Diagnosis of Felty's syndrome, distinguished from hematological neoplasm: A case report
- Ruo‑Zhi Xiao
- Mu‑Jun Xiong
- Zi‑Jie Long
- Rui‑Fang Fan
- Dong‑Jun Lin
- Published online on: December 27, 2013 https://doi.org/10.3892/ol.2013.1779
- Pages: 713-716
Felty’s syndrome (FS), which was first described in 1924, is a specific subcategory of rheumatoid arthritis (RA) characterized by the triad of RA, severe extra-articular disease and unexplained neutropenia (1). FS usually develops after a >10-year course of RA and accounts for <1% of RA patients (2). The exact cause is unknown, however, several risk factors have been proposed, including autoimmunity. The active extra-joint clinical features can be misleading in FS and certain clinicians focus on the severe extra-articular disease and neutropenia, which may lead to subsequent infections. Thus, the correct diagnosis is occasionally challenging.
The present study describes a case of FS with an atypical arthritis presentation. The patient presented with a fever, enlarged lymph nodes and hepatosplenomegaly, which can easily be misdiagnosed as a hematological neoplasm. Written informed consent was obtained from the patient.
A 17-year-old female with a 2-year history of erosive nodular seropositive RA followed Chinese herbal treatment for symptoms of repeated arthralgia in 2011. One year later, the patient developed jaundice, hepatosplenomegaly and enlarged lymph nodes. A physical examination revealed deformity in the proximal interphalangeal joints, metacarpophalangeal joints, wrists and ankles. Lymph nodes at the posterior neck, axillary fossa and inguinal area were enlarged with a diameter of 0.5–1 cm.
In August 2012, the patient presented with a fever >39°C. Blood tests revealed a white blood cell count of 4.12×109/l with an absolute neutrophil count of 3.15×109/l, hemoglobin levels of 80 g/l and a platelet count of 159×109/l. A bone marrow biopsy showed normocellular and maturing trilineage hematopoiesis. Glutamic oxaloacetic transaminase levels were 352 U/l, while glutamate pyruvate transaminase levels were 136 U/l. Bilirubin levels were 112.8 μmol/l and lactate dehydrogenase levels were 548 U/l. A rapid erythrocyte sedimentation rate (35 mm/h) and high C-reactive protein levels (60.2 mg/l) were revealed. Cultures of blood and secreta showed no infection by microorganisms. Tests for human immuodeficiency virus, syphilis, hepatitis B, hepatitis C and autoimmune hepatitis-associated antibodies, and a purified protein derivative skin test produced negative findings. The antinuclear antibody titer was 1:320, while results for anti-dsDNA, anti-Sm and ant-Rnp antibodies were negative. Levels of complement C3 and C4 were normal. Rheumatoid factor, antibodies to cyclic citrullinated peptides, anti-keratin antibodies and anti-perinuclear factor autoantibodies were negative. X-rays of the joints, including the wrists and hands, showed soft-tissue swelling, bone erosion and narrowing of the joint cavity (Fig. 1). Splenomegaly (54×124 mm) with uniform density and multiple enlarged lymph nodes distributed along the retroperitoneal space, omental bursa, mesentery root and surrounding hepatic hilar was shown by abdominal computed tomography (CT) (Fig. 2). A lymph node biopsy from the right cervical node revealed chronic inflammation, with positive results for cluster of differentiation (CD)79α and CD20 in interfollicular regions, and for CD5 in the paracortical area (Fig. 3). Fluorodeoxyglucose (FDG)-positron emission tomography revealed lymphadenectasis of the bilateral submandibular and superficial anterior cervical lymph node, axillary fossa, retroperitoneal space, pelvic wall and inguinal area without FDG uptake. The proliferation of hypermetabolic lesions was observed in the shoulder, hip, knee, ankle and interphalangeal joints, as well as knee joint-effusion, which was the manifestation of RA. FDG uptake in the liver and spleen occurred with a maximal standardized uptake value of 1.4 and 2.0, respectively. The pathological evaluation of liver tissue showed inflammatory infiltration containing swelling and spotty or fragmented necrosis in the hepatocytes (Fig. 4). Based on these findings, the provisional diagnosis was of FS.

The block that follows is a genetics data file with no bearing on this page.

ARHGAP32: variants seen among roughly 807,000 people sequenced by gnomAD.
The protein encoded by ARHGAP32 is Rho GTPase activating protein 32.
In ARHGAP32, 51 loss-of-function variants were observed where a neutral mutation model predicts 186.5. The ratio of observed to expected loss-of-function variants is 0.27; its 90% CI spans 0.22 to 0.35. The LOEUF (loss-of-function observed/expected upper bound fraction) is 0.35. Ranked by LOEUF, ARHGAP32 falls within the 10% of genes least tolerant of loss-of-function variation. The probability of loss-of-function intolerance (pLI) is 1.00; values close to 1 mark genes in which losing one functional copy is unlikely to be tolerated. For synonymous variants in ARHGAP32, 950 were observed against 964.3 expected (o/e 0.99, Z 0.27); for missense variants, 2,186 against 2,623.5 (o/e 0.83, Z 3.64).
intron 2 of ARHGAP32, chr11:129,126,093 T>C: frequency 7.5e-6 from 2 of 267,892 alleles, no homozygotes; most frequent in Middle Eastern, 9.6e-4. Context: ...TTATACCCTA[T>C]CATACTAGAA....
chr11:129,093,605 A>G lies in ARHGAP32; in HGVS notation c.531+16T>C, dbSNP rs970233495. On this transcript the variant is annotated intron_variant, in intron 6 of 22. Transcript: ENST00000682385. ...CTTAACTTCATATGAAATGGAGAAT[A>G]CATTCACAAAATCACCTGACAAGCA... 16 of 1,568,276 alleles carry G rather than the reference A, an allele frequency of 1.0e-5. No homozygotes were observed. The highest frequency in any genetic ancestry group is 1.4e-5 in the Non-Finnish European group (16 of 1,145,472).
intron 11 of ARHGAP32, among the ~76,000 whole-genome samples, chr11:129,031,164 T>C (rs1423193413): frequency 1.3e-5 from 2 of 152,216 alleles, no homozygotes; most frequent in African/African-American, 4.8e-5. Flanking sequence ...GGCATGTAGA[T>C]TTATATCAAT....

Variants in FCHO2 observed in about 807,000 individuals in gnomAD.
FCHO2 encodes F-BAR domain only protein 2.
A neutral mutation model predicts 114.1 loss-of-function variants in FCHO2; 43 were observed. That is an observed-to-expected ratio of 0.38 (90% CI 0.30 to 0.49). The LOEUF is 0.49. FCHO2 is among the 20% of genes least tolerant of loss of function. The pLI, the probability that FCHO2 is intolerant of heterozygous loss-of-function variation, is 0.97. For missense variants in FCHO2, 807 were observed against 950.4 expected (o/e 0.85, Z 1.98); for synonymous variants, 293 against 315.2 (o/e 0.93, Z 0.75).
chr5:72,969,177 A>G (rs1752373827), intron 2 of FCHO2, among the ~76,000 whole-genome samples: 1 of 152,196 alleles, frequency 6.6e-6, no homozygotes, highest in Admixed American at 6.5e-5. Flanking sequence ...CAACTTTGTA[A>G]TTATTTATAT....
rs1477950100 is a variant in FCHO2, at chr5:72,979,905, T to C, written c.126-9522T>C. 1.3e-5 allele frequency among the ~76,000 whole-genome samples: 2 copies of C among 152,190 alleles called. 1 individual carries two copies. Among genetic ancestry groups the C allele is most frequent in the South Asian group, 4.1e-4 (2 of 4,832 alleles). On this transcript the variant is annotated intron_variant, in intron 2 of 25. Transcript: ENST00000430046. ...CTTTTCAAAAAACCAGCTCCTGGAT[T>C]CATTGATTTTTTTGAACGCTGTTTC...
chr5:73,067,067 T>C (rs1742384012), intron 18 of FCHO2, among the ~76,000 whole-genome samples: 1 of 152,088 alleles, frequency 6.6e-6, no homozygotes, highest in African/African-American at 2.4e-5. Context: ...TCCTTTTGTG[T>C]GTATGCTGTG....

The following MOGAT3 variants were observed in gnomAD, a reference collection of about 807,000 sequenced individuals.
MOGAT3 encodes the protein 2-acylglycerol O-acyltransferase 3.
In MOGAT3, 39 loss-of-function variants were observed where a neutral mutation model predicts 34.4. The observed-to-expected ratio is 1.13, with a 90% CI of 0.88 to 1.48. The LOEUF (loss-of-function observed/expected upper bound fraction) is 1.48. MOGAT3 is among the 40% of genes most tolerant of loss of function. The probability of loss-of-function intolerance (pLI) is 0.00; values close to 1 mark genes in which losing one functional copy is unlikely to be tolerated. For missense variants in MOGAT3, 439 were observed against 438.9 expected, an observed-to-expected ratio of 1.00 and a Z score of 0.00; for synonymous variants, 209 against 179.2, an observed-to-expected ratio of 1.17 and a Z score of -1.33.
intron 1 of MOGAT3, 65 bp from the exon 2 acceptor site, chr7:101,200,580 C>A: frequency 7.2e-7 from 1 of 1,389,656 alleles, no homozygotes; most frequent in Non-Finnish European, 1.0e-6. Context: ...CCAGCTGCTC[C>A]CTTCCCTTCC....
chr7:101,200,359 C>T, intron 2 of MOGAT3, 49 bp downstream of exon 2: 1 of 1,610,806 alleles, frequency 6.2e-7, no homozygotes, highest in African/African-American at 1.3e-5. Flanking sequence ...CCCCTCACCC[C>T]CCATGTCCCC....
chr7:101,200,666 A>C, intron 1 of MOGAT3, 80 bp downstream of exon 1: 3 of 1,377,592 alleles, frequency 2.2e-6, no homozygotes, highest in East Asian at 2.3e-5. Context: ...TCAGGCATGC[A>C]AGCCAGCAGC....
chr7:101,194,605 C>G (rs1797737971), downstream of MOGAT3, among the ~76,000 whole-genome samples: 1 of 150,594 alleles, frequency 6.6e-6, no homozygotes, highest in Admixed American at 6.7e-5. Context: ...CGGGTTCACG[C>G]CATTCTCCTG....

Microscopic analysis of the right cervical lymph node. (A) Hematoxylin and eosin staining. (B–D) Immunohistochemical staining. Positive staining for (B) cluster of differentiation (CD)79α and (C) CD20 in interfollicular regions. (D) Positive staining for CD5 in the paracortical area. Magnification, ×100.
Pathological evaluation of liver tissue by H&E staining. (A) Magnification, ×100. (B) Magnification, ×200.